“ Manufacturer: Biostar /Type: Motherboard „
Biostar A880G+ motherboard
I didn't set out specifically to buy this motherboard. This was more of a secondary consideration. I bought this as a processor / RAM / motherboard bundle.
The processor is usually one of the most expensive parts of a computer. Looking at the prices of Intel vs. AMD processors, the AMD processors were a lot cheaper, and a motherboard can either support a processor made by Intel or AMD only, and not both. I decided to get this as it supports the latest AMD processors as of this writing, and I wanted to get an AMD Phenom quad core processor.
I will list all the specific processor models it can support at the end of my review, but my motherboard has an AMD Phenom 965 CPU with a speed of 3.4 GHz, along with 4GB DDR3 RAM / memory.
I am using this in a standard-sized PC case. though, it could fit into a much smaller case. It is Micro ATX size and its dimensions are:
24.4cm X 20cm (W x L)
The accessories that came with this were:
- 2 x SATA Cable. These were enough for me as I used them to plug in a hard drive and a DVD writer.
- 1 x I/O Shield. This is a thin piece of metal that has the shapes of all the ports that appear on the back of your PC case. You stick it into the back of your case and then place your motherboard so the ports are aligned with the holes in this shield.
- 1 x CD Driver. It has all the drivers for the graphics / sound card etc and was very easy to install.
- 1 x Quick Start Guide. I think this could have been written better so it was aimed at the complete beginner. I did have some problems working out where for example the front case cables in my PC case were supposed to go on the motherboard.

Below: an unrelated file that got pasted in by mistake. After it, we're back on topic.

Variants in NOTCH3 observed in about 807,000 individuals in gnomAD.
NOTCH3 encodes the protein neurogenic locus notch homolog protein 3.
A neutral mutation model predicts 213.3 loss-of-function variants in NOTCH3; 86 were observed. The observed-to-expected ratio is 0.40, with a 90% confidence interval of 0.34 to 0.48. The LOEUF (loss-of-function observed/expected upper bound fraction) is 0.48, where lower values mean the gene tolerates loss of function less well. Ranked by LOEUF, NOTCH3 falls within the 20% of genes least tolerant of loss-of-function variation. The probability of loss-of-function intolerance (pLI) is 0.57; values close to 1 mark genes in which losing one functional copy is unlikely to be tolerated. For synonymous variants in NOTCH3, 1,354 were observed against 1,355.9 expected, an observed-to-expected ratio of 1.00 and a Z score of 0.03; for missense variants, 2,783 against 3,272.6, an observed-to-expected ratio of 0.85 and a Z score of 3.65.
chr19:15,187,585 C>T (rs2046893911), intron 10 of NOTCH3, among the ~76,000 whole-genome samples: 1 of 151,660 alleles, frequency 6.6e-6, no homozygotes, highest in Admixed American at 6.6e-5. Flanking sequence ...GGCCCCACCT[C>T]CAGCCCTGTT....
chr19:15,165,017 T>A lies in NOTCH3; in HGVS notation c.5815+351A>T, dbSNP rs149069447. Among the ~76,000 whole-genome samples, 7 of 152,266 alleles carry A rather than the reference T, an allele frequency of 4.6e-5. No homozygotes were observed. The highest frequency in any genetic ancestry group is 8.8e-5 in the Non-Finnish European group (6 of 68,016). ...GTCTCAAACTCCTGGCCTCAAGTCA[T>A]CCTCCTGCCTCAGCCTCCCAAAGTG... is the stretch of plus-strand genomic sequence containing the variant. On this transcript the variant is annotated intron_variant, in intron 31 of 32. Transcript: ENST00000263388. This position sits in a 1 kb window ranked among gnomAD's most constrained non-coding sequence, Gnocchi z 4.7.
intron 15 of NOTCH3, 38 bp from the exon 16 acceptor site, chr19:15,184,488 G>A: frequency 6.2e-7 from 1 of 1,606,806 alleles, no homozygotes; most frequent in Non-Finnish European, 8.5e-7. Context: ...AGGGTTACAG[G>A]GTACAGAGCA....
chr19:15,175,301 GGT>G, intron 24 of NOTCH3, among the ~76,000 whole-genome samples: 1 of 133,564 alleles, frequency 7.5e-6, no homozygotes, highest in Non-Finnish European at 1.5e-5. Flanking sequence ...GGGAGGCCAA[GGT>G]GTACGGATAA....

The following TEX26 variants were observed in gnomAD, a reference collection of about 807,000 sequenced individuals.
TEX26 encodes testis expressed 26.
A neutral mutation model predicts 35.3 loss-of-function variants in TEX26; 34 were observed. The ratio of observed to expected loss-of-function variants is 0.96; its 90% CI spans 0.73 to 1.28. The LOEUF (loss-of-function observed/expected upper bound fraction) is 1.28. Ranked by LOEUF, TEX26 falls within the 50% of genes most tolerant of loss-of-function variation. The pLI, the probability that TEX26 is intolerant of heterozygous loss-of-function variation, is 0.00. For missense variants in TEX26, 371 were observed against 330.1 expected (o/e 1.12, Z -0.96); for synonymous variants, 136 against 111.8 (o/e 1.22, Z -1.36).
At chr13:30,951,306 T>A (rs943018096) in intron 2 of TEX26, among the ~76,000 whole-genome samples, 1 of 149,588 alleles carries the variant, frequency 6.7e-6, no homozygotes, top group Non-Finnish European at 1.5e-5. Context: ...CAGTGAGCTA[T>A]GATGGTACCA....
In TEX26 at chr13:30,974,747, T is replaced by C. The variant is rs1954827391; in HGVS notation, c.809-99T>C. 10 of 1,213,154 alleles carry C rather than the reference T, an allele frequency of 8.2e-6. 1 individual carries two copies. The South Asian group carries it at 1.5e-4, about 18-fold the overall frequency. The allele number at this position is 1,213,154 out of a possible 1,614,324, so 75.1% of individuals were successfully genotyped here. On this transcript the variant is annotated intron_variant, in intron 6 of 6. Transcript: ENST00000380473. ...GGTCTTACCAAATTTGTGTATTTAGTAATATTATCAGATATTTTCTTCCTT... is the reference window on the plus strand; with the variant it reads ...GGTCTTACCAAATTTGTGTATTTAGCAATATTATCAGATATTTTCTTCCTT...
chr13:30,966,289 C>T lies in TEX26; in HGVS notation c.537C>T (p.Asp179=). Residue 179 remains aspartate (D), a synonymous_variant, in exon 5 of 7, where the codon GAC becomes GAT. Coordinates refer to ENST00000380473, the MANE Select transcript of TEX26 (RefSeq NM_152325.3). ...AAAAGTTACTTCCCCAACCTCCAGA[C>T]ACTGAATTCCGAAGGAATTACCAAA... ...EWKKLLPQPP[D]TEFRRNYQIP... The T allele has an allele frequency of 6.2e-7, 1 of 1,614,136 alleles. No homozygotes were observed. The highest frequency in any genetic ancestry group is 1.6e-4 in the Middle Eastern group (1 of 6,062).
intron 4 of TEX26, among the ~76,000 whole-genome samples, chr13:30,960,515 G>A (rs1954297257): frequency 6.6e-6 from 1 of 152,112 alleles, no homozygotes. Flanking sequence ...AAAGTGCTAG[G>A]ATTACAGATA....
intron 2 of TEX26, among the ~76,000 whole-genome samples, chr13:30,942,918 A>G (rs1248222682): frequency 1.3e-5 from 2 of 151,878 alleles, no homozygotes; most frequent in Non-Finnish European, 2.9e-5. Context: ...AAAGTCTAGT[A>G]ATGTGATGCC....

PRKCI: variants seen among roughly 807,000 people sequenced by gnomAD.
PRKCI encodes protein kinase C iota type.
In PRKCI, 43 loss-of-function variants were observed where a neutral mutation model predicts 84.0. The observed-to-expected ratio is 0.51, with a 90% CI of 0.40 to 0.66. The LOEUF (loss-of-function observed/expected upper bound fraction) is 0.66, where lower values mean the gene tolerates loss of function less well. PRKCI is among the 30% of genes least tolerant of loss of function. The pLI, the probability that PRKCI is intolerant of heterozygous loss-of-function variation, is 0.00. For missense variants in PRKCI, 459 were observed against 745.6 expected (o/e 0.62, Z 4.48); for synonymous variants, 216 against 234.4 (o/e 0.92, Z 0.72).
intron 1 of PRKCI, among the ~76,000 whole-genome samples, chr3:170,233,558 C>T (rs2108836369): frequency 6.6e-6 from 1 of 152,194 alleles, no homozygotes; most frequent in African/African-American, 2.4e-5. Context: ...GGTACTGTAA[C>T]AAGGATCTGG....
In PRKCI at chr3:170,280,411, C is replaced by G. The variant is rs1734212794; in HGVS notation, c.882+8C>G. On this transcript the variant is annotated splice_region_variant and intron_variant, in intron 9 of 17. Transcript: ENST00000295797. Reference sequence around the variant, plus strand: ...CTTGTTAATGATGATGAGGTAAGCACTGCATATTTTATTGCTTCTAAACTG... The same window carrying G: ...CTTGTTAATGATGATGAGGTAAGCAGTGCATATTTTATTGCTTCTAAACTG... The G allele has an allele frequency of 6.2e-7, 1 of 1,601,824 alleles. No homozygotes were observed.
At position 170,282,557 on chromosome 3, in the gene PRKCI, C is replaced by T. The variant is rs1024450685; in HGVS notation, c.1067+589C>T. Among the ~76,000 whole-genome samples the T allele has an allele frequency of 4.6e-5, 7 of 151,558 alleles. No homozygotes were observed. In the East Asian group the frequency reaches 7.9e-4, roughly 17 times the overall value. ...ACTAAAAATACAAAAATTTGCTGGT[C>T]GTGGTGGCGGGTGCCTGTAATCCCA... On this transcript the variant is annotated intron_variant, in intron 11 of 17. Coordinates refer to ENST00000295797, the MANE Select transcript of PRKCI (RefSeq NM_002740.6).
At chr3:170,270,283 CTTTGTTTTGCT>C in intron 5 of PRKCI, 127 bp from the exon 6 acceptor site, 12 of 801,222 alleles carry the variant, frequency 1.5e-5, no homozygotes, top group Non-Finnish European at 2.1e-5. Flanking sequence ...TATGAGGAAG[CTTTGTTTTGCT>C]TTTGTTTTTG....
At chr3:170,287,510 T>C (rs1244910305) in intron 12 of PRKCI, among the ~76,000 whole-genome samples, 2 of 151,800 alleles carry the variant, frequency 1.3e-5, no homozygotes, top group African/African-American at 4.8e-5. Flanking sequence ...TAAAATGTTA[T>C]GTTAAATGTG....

I had a problem getting this to work when I first got it, and I had to send it back. I would press the power button and a power light would come on my PC case but nothing else would happen. I think this may have been happening because I wasn't plugging in the system fan cable attached to the PC case, into the motherboard. The system fan is an extra fan built into the PC case to help expel hot air out of the case while it is being used.
I did find this behaviour a bit weird as nothing like that has happened with older motherboards I have messed around with in the past.
The reason I chose this motherboard was because I felt it had all the functionality I would need for the next 3 to 4 years. It offers limited capabilities when it comes to upgrading etc but it should be ok for my needs.
It can support up to 6 USB 2.0 Ports. I currently have two USB ports on the front of my PC case that are plugged into it and there are four USB ports on the back which are already built into the motherboard.
I think there are also two USB header pins on the motherboard. I did have some problems with one of these USB headers. I bought an internal memory card reader which is supposed to be plugged into a USB header on your motherboard. These are a set of pins. I plugged it in, but the connection was loose, so every time I touched my PC case or the desk moved, the memory card reader would stop working. I am not sure if the USB header pins on the motherboard are faulty or whether it is the connector on the memory card reader.
On the back, it only has 1 standard keyboard connector and none for the mouse. I had a USB mouse so I was able to use one of the USB ports.
It can play 6 Channel High Definition Sound. I am using two speakers at the moment though with a sub-woofer. The sound quality is excellent and I know I have the ability to plug more speakers into my PC if I need to in future.